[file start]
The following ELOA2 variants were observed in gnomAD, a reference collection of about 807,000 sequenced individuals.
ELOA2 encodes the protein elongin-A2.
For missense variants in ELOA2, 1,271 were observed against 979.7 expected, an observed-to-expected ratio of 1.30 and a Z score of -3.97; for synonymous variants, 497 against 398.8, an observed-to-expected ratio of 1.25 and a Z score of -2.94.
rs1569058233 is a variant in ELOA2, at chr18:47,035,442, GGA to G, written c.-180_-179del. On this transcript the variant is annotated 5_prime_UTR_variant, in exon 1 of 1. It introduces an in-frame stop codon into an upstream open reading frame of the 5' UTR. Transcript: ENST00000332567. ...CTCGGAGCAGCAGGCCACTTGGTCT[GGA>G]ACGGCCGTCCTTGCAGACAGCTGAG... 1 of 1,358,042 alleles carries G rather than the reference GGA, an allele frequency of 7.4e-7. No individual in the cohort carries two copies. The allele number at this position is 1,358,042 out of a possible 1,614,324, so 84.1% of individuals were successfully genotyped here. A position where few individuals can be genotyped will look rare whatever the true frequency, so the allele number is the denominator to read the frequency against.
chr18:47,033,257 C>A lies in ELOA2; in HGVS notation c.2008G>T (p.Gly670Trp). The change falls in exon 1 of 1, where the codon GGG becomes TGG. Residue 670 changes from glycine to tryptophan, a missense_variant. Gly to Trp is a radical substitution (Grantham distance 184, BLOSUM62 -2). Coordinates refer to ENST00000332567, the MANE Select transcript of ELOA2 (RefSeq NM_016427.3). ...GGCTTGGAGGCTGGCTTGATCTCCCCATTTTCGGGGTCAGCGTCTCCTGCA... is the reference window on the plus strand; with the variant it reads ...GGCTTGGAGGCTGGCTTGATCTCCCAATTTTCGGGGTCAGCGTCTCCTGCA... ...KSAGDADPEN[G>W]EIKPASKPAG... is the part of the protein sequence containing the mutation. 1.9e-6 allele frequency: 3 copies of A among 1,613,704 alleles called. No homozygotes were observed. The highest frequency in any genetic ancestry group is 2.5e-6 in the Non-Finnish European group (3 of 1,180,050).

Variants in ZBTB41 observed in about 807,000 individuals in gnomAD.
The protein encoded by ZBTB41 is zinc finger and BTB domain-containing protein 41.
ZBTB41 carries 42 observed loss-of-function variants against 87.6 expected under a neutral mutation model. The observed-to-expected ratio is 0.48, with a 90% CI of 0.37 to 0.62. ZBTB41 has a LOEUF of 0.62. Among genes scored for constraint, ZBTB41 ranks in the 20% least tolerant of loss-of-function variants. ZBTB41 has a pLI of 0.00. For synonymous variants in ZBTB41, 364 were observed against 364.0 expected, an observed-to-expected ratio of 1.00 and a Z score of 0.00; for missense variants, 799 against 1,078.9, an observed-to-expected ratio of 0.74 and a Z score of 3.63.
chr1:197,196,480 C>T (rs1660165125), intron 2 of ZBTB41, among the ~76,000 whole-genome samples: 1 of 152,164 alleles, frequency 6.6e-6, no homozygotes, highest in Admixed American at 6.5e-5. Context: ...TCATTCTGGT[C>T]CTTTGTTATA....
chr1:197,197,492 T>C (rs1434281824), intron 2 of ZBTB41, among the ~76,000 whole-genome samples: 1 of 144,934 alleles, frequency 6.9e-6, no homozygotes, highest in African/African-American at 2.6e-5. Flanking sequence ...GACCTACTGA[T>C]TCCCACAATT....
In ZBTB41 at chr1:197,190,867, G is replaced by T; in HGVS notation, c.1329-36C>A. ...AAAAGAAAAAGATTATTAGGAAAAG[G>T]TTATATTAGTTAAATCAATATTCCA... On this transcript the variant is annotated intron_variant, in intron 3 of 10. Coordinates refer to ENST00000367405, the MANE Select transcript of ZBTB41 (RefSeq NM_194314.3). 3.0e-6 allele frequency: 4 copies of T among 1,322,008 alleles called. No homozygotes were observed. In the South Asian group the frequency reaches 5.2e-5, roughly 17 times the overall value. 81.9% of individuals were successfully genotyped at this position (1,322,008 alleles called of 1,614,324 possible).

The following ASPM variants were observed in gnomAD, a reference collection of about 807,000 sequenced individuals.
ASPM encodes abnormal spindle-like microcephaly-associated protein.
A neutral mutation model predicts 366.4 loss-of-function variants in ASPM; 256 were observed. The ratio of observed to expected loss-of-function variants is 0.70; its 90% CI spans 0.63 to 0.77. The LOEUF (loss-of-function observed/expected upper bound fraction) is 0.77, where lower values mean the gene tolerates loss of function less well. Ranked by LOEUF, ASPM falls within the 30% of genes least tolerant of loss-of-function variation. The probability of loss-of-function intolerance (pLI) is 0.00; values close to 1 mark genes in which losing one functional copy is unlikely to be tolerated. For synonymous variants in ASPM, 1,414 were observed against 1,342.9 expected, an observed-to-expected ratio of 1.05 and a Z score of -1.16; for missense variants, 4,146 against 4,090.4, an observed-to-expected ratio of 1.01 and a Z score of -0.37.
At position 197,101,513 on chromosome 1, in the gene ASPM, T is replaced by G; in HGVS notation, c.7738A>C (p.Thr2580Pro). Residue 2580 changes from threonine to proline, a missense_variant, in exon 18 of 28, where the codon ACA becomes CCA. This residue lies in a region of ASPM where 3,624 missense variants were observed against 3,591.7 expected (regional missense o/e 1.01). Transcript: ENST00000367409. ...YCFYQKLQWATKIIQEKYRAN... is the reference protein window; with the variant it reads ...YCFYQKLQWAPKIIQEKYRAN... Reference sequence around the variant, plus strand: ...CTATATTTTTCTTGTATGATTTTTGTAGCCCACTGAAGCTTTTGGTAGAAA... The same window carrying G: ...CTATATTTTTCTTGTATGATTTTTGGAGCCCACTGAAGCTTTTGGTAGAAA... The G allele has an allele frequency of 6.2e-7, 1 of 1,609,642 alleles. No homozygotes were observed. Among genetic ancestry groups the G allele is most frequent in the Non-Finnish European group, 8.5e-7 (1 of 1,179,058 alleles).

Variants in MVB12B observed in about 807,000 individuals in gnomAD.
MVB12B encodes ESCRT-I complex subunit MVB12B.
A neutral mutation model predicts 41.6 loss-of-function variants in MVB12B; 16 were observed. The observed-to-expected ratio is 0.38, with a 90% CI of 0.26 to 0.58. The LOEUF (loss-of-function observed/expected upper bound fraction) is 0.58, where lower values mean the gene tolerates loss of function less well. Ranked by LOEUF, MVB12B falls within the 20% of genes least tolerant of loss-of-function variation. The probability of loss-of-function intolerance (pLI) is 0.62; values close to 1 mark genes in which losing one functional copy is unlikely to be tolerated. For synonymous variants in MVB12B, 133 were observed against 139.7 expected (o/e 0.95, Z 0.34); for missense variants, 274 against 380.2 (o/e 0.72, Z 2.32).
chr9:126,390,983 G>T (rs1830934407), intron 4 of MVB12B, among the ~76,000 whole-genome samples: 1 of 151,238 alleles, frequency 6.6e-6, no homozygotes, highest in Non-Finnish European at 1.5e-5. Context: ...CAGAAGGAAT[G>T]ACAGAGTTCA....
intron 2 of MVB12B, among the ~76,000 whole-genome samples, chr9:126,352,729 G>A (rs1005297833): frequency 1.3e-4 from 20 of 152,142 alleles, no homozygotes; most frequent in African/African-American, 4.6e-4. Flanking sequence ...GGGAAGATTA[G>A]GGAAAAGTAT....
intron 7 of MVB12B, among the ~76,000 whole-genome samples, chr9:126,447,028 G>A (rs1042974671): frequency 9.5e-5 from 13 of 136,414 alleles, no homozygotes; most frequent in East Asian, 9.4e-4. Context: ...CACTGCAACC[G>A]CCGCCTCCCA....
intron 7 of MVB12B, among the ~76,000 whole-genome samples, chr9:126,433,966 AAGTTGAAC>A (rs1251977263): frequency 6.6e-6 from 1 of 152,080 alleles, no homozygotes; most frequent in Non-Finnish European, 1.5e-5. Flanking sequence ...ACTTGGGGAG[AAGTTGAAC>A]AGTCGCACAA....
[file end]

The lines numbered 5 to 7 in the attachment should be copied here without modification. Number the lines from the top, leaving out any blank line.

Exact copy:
chr18:47,033,257 C>A lies in ELOA2; in HGVS notation c.2008G>T (p.Gly670Trp). The change falls in exon 1 of 1, where the codon GGG becomes TGG. Residue 670 changes from glycine to tryptophan, a missense_variant. Gly to Trp is a radical substitution (Grantham distance 184, BLOSUM62 -2). Coordinates refer to ENST00000332567, the MANE Select transcript of ELOA2 (RefSeq NM_016427.3). ...GGCTTGGAGGCTGGCTTGATCTCCCCATTTTCGGGGTCAGCGTCTCCTGCA... is the reference window on the plus strand; with the variant it reads ...GGCTTGGAGGCTGGCTTGATCTCCCAATTTTCGGGGTCAGCGTCTCCTGCA... ...KSAGDADPEN[G>W]EIKPASKPAG... is the part of the protein sequence containing the mutation. 1.9e-6 allele frequency: 3 copies of A among 1,613,704 alleles called. No homozygotes were observed. The highest frequency in any genetic ancestry group is 2.5e-6 in the Non-Finnish European group (3 of 1,180,050).

Variants in ZBTB41 observed in about 807,000 individuals in gnomAD.
The protein encoded by ZBTB41 is zinc finger and BTB domain-containing protein 41.